Judge Brendan Babish thinks a film that destroyed a major studio can't be all bad, can it?
Our review of Cutthroat Island, published June 1st, 2007, is also available.
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There are movies that are disappointing, there are movies that are bombs, and then there are those few that bring down movie studios. Cleopatra almost killed Twentieth Century Fox, Heaven's Gate pretty much destroyed United Artists, and Cutthroat Island—which the Guinness Book of World Records at one point recognized as the biggest flop of all time—sunk Carolco Pictures. Now this swashbuckling piece of cinematic history comes to Blu-ray.
Strangely enough, despite a budget in excess of $100 million (in 1995 dollars), the backstory and aftermath of Cutthroat Island is far more interesting than anything that ended up on the screen. I won't recant it here, since it is well-documented and irrelevant to a review of the finished product, but suffice it to say, director Renny Harlin's marriage to female lead Geena Davis did not serve the film well.
Cutthroat Island is pretty much a pirate movie by the numbers. There's a long-lost buried treasure somewhere, a series of hard-to-decipher treasure maps, and lots of violent seamen. The one unique aspect is that the captain of the pirate ship is a female, the tough-as-nails Morgan (Davis, Tootsie). Unfortunately, this deviation from the template is also probably the most prominent of many missteps.
It's not so much that a female pirate couldn't work, but that Davis is unsuited for the role. She is a capable actress, but playing a grizzled sixteenth century pirate is way beyond her range. It doesn't help that she seems to look and speak the same as she would in a contemporary film. Compound this with the fact that her husband (allegedly) had the script changed so that his wife is in nearly every frame of the film, and you've got almost two hours of nonstop incredulity.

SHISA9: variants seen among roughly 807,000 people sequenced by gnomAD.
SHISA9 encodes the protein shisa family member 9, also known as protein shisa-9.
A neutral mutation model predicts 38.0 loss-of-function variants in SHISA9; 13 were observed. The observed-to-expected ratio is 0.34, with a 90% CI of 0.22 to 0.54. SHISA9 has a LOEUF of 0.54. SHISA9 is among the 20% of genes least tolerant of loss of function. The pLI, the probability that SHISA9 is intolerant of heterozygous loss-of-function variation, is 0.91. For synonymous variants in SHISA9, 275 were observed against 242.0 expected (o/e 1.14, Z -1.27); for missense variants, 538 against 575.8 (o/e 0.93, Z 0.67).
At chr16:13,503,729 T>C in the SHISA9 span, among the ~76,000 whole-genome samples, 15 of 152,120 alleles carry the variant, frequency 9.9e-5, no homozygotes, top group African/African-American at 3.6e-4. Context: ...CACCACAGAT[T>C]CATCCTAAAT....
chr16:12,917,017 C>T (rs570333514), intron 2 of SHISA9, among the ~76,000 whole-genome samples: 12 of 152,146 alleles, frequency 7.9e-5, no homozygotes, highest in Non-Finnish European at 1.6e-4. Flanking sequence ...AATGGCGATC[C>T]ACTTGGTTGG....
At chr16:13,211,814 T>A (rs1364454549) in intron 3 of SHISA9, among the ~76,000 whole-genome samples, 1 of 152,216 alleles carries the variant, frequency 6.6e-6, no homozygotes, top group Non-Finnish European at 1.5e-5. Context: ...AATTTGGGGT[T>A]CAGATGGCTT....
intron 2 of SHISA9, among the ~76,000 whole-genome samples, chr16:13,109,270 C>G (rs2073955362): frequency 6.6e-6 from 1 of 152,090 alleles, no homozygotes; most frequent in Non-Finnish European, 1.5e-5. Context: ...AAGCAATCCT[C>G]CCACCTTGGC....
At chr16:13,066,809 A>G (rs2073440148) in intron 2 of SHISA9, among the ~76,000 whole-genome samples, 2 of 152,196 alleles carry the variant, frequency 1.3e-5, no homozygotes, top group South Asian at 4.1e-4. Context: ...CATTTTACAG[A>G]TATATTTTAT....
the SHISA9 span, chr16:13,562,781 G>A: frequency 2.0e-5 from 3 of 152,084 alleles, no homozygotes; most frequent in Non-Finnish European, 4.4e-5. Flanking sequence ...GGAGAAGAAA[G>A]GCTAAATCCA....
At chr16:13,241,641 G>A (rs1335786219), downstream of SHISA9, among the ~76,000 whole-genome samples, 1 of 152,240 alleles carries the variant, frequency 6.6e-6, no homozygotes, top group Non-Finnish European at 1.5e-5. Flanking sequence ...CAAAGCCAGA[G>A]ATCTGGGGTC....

Co-star Matthew Modine (who filled in after just about every other able-bodied male with a SAG card passed) is serviceable as the male lead, but his wisecracking can hardly make up for a lifeless movie and lame script.
Make no mistake, the script is where the trouble lies. They say a great script can be ruined by a great director, but a bad script can't be saved by a great director. Well, I don't think Renny Harlin is a great director, so it's no surprise that he breathes little life into the screenplay full of pirate clichés and lame jokes. He does an adequate job with expensive set pieces, but even with these there are several stumbles, such as horrible green screen effects and distracting cutting within scenes between night and day shots.
Occasionally there are box-office failures that are only misunderstood or admirably overambitious. Cutthroat Island is neither. It's a film that panders to its audience with lots of explosions and cringe-inducing wordplay and ends up just being insufferable.
It might seem strange to do such abrupt about-face, but one of the film's few assets is the enormous budget, and almost all of the money shows up on screen. The Blu-ray 1080p picture shows off Harlin's impressively painstaking job of recreating sixteenth century society, including some beautiful settings in the Caribbean. The daytime scenes are presented in exquisite detail, so that even a limited color palette jumps off the screen.
Another of the film's assets is the loud and bombastic score by John Debney. While it would have probably been too distracting for a film with a compelling plot, here Debney's overbearing drums, cymbals, and horns provide something to admire other than the intricate scenery and set design. Additionally, the countless gun battles, sword fights, and explosions make the soundtrack an aural feast in a DTS 7.1 sound design.
Shockingly, Renny Harlin was sport enough to provide a director's commentary on this disc, and I salute him for that—especially since commentary tracks on bad movies are often more entertaining than those of good movies, which can easily delve into a self-congratulatory spiral. Here, Harlin acknowledges many of the film's troubles, but overall seems to have little regret, especially because he was able to bring so much of his pirate fantasies to life.
In addition to the commentary there is a six-minute promotional featurette and two trailers.
Hasn't Carolco been punished enough?
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